Of coure, Lake Woebegon is also a fictitious town in Minnesota, the creation of Garrison Keillor, host of A Prairie Home Companion which is heard everywhere on public radio stations. Keillor is the Will Rodgers of the 21st century, an apolitical homespun humorist who makes us feel good about the America that still exists in the land of ideals. Or does he?
My friend Jane emailed me a copy of Keillor's syndicated column published earlier this month which begins: "I would not send my college kid off for a semester abroad if I were you. Last week, we suspended human rights in America, and what goes around comes around. Ixnay habeas corpus." Whoa! I had been taking Keillor for granted. This guy does not mince words. And if he does, he throws in some spicy seasoning to make our eyes water and our hearts burn.
Keillor, in yet another passionate column this month, describes the Military Commissions Act of 2006 as "legalizing torture and suspending habeas corpus and constructing a loose web of law by which you and I could be hung by our ankles in a meat locker for as long as somebody deems necessary." And in a third October column, Keillor celebrates Columbus Day by wondering who might win the title of the All-Time Worst President. "The Current Occupant...is contending with Pierce, Buchanan and Warren G. Harding," and adds, "he's had so much more to be worst with."
I propose that we change Columbus Day to Bush Day, a cautionary holiday, like Halloween, a day to meditate on the hazards of ambition. We could observe it by going through the basement and garage and throwing out stuff we don't want or need.Certainly not everyone likes Keillor. A writer in the National Review once called him a "horrid left-liberal scold, dripping with contempt for nearly everything Middle American." Why is it that the Right can't take a joke? They have their comedians -- Rush Limbaugh, Donald Rumsfied, and Ann Coulter -- and we have ours -- Jon Stewart, Michael Moore, Al Franken, etc., and I'll match our blue team against their red one any day.
Also by not mortgaging the house to pay for a vacation, and not yelling at the neighbors, and not assuming that the law is for other people. A day to honor kindness, industriousness and modesty.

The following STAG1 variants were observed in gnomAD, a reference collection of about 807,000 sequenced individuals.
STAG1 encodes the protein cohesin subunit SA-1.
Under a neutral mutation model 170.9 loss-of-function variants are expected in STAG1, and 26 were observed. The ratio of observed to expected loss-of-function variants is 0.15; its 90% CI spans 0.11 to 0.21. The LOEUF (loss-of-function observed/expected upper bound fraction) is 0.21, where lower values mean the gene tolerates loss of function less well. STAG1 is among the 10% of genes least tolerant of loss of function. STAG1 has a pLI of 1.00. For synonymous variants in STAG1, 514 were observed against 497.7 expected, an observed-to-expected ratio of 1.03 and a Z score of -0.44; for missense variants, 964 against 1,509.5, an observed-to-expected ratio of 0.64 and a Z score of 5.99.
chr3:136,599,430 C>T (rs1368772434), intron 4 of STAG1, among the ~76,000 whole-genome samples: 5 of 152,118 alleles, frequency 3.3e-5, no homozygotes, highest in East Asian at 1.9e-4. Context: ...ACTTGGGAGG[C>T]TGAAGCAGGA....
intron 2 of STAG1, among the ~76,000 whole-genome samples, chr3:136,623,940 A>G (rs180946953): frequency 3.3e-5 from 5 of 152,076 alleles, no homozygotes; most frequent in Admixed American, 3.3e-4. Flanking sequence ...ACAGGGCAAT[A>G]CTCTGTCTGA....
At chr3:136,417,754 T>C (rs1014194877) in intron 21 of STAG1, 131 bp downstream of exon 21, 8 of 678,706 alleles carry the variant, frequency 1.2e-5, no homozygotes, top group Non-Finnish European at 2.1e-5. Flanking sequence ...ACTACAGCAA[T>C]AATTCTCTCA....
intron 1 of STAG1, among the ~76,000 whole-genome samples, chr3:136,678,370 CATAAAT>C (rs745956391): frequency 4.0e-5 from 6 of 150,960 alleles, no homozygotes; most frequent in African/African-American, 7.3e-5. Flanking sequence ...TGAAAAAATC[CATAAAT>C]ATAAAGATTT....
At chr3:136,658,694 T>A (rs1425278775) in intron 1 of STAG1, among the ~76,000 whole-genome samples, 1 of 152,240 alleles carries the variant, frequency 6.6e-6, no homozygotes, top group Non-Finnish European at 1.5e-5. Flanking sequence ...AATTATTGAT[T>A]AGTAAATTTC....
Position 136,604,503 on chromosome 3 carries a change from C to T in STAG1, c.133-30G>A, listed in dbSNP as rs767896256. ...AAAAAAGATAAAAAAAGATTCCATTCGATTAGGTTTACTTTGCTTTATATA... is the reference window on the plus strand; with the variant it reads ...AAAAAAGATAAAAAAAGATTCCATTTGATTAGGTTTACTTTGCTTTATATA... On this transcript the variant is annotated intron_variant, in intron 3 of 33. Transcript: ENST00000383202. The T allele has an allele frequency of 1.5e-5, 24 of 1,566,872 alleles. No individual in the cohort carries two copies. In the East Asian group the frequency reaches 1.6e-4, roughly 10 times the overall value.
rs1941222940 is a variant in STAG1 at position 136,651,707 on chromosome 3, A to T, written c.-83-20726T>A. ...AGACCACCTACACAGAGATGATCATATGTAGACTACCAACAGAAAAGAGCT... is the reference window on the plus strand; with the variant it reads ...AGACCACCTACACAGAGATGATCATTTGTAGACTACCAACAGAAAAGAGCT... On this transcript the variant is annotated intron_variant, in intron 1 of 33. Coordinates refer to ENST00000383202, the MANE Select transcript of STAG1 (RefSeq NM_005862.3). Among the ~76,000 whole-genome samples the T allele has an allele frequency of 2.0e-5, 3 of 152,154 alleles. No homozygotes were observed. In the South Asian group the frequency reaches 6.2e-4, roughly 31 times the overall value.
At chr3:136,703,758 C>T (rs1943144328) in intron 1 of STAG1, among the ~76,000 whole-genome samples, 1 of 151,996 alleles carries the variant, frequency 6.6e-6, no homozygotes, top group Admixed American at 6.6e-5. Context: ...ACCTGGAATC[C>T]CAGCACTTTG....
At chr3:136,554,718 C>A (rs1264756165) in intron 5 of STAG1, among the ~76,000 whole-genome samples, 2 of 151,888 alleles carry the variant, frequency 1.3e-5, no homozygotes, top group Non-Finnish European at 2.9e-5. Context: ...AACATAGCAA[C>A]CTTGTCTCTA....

But Keillor, like Stewart, is not just a comedian, no matter how much they pretend otherwise. Both speak truth to power. The It's-OK-to-Torture bill was supported by 65 senators. None of them, Keillor writes, "has any right to speak in public about the rule of law anymore, or to take a high moral view of the Third Reich, or to wax poetic about the American Ideal. Mark their names." A couple, he noted, made a show of opposing the bill but voted for it anyway because they believed the court will throw it out.
If, however, the court does not, then our country has taken a step toward totalitarianism. If the government can round up someone and never be required to explain why, then it's no longer the United States as you and I always understood it. Our enemies have succeeded beyond their wildest dreams. They have made us become like them.Many of you have seen the passionate critique of this horrendous bill by Keith Olbermann on MSNBC. If I could figure out how to include video in my blog, I would put it here. In the meantime, if you click here, you can find Olbermann on truthout.org.
But, as Keiller reminds us, "Maybe we've been too lenient with enemies of the state. A period of stark repression might be a rich and rewarding experience for all of us." Perhaps Cheney and Bush will decide in a couple of years that giving up power will be tantamount to cutting and running in the face of global terrorism, and they'll cancel the next presidential election. Anything is possible.
Needless to say, VOTE on Nov. 7 for political representatives and senators who will save us from this insanity.